Many of us use the terms “training” and “skills” when describing what we do and what we want our learners to achieve in the context of simulation-based education in healthcare. Terms such as “education” and “training” are often used interchangeably, and most of the time this causes very few problems. However, I believe that we are in danger of underrepresenting what we actually do in simulation-based courses. This may have important implications not only for us but also for those who purchase or commission our services. In this article, I would like to further explore “training” and “skills,” especially in the context of the educational sense of the terms. I shall focus on nontechnical skills (NTS), as that is an area of my professional interest.
NTS—A BRIEF HISTORY
Flin et al1 describe these as the cognitive, social, and personal resource skills that complement technical skills and contribute to safe and efficient task performance. The term was first applied by the European Civil Aviation regulator in the 1990s in relation to airline pilots' behavior on the flight deck. It may seem strange to define something in terms of what it is not, but the point was to emphasize the importance of a set of abilities that had not been formally defined and were complementary to the traditional areas of the training programs of the day. The choice of words also reflected a term that would be more acceptable to cultures that traditionally were perceived as more practical and down-to-earth and do not readily embrace terms such as “human factors” or “soft skills.” The term NTS had not only to provide an umbrella term for the activities listed above but also had to be acceptable to those being trained (and now also assessed) in their use. The term was part of the buy-in process. This latter part has not been referenced because it is largely anecdotal, but in the 11 or so years that I have spent in the company of industrial and organizational psychologists and practitioners who pioneered the introduction of NTS into their own world of macho men in macho cultures, a recurring topic of conversation at social functions was the initial overt hostility to these concepts. I recall Dick Stark, a former Crew Resource Management (CRM) Training Captain with British Airways, telling me over lunch at a CRM meeting in 2002 of how on one occasion his chest was black and blue from British Airways pilots serially stabbing him with their index fingers while emphasizing their exception to the imposition of these new-fangled concepts at a drinks reception at the end of the first day of a CRM course in the 1990s. On my way home from facilitating courses at the Scottish Clinical Simulation Centre, I often share the 30-minute train journey with men who are returning from their 2-week stint on oil-drilling platforms in the North Sea. These are indeed macho men (no women work on North Sea oil platforms), and I fully understand why my colleagues from the Industrial Psychology Research Centre at the University of Aberdeen prefer to use the term NTS when researching with such groups of workers. The pioneering work in this field in now formalized with schemes such as NOTECHS—the assessment methodology of CRM skills used by the Joint Aviation Authority in Europe, and this term “nontechnical skills” is now an established part of the vocabulary of civil aviation in Europe. Although we have benefitted considerably from the experience and expertise of those who were involved in the development and formalization of these key concepts, my concern is less with the “nontechnical” and more to do with the “skills.”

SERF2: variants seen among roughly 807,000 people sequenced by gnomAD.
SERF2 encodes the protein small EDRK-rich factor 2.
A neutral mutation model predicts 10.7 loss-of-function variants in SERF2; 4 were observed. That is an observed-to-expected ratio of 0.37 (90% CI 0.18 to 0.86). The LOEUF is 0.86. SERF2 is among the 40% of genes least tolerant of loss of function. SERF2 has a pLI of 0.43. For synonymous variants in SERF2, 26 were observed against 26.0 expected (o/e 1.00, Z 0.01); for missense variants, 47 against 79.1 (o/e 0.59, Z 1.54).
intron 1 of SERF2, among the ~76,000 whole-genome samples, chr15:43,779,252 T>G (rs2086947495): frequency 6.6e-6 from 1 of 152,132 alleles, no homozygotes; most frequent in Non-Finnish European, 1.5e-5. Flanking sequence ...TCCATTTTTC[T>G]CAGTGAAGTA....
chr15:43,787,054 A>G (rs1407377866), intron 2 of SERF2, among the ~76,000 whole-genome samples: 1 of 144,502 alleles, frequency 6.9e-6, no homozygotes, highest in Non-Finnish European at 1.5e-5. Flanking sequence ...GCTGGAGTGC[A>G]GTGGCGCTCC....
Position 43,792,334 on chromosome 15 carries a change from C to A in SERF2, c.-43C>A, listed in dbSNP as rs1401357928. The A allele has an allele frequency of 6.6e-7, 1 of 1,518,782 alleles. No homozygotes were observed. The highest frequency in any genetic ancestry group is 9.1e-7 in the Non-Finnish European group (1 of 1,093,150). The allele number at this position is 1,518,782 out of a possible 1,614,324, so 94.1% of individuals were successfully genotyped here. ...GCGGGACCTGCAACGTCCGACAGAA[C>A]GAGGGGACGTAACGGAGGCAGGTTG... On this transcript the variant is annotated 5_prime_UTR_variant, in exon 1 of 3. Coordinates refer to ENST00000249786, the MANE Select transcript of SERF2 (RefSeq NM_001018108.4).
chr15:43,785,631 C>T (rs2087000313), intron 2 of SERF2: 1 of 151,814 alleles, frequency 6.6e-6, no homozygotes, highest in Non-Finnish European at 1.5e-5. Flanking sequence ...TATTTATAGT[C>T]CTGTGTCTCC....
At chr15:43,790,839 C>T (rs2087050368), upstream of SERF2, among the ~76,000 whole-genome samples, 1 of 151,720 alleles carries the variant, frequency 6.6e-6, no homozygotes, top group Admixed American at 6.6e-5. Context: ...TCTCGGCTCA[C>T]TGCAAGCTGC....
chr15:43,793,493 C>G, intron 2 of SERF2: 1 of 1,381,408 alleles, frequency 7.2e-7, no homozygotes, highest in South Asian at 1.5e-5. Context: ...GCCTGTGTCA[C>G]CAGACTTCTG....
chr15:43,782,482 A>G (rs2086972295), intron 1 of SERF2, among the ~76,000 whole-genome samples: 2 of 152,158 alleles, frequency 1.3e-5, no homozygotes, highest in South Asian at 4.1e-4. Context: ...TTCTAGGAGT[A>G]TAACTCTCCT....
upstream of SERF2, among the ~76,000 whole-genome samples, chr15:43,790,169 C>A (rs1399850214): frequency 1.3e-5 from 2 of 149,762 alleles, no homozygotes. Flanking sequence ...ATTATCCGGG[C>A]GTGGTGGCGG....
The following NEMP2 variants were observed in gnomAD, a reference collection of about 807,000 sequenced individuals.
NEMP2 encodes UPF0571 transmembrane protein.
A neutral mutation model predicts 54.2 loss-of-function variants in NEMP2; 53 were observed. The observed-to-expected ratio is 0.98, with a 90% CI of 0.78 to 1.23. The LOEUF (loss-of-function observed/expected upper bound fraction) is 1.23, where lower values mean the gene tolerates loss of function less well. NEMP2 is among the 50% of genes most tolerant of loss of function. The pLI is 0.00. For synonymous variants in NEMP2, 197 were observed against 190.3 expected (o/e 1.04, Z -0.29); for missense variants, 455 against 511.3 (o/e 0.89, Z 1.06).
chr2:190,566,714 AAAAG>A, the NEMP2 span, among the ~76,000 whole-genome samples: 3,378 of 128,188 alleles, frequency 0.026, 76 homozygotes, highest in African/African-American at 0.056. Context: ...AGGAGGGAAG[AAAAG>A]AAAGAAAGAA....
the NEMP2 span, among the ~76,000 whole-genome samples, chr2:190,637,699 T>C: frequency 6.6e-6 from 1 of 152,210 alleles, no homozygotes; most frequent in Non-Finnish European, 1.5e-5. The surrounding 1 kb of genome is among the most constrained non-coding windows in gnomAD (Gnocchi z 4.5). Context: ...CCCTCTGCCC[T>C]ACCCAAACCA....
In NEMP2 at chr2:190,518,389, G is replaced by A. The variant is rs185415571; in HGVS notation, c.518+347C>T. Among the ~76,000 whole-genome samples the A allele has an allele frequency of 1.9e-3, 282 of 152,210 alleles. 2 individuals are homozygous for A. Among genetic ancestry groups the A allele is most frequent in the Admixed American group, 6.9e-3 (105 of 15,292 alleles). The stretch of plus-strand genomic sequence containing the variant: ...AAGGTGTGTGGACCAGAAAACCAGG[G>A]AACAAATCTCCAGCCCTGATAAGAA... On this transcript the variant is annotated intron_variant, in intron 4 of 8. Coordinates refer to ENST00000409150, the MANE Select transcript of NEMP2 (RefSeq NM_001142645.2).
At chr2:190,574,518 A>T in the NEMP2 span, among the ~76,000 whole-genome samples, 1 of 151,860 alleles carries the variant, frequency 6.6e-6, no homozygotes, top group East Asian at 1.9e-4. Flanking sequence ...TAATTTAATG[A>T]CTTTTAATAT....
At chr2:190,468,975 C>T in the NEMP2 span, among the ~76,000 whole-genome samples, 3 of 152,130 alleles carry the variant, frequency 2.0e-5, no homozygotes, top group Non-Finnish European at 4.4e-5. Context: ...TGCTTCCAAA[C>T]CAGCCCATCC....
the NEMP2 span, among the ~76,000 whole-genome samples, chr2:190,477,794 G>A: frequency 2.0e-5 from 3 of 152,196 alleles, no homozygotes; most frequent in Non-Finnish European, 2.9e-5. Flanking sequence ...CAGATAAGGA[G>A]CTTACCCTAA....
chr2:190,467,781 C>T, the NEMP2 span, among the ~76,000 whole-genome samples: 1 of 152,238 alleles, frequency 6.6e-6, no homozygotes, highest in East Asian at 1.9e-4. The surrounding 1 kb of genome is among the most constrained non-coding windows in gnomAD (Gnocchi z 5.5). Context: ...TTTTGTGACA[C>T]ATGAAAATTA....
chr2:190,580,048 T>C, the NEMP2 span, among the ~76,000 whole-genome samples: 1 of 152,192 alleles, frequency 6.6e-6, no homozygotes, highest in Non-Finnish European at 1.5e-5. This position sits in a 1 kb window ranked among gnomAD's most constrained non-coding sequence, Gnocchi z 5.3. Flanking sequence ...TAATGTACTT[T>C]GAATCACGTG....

My views are strongly influenced by the culture in which I work, but I am certain that my concerns transcend national and professional boundaries. Current policies in the United Kingdom in medical education have required that learners at different stages have to be able to demonstrate a variety of abilities in a range of practical skills. This initiative may have been introduced for good reason but in some cases has resulted in learners undergoing training not for their own benefit or for potential benefit to patients but to satisfy a burgeoning assessment bureaucracy. The unstructured way in which workplace-based assessment tools were introduced into postgraduate medical education in the United Kingdom in 2007, as part of the Modernizing Medical Careers (www.mmc.nhs.uk, reviewed October 28, 2010) program brought about situations in which doctors in training grades had to have boxes ticked to meet the administrative requirements of the changing regulatory framework. The bureaucratic process took precedence over the educational process. NTS feature as part of that assessment process and my fear is that a complex component of medical education will be reduced to a series of tricks or stunts, such as the use of Situation, Background, Assessment, and Recommendation or closed-loop communication. These tools can be very helpful but if not presented in an appropriate context may not achieve the goals that are intended for them. To develop this line of argument further, it is pertinent to review the terms “training” and “skills” in an educational framework. My argument is that by better understanding the place of skills in an educational framework, we can then have a more transparent set of intended learning outcomes and so be clearer as to what we can and should deliver because I believe that we currently deliver much more than skills in the strict educational sense of the term.
I shall begin with a brief overview of education as a concept and then explore some differences between education and training, including where the concept of skills in general fits into both, and finally address some of the challenges we face in the promotion and development of NTS.
The Anglo-American philosophical tradition takes the approach that we cannot give a satisfactory definition of a complex construct such as education, and the best we can hope to do is identify important concepts contained with the construct.2 Peters2 described the two most important concepts as purpose and value. An activity can only be educational if there is some intended purpose behind it and at the same time the activity should be of intrinsic value to the learner. The activity should be an end in itself. Ruskin3 has used the following phrase
“Education does not mean teaching people to know what they do not know. It means teaching them to behave as they do not behave.” This phrase is not a definition of education but it captures the sense of education being an agent of change and transformation; a transformation in which the learner is a willing partner. Such a change in behavior requires more than knowledge. It requires a range of cognitive, psychomotor, and other abilities and a predisposition on the part of the learner to make use of those abilities.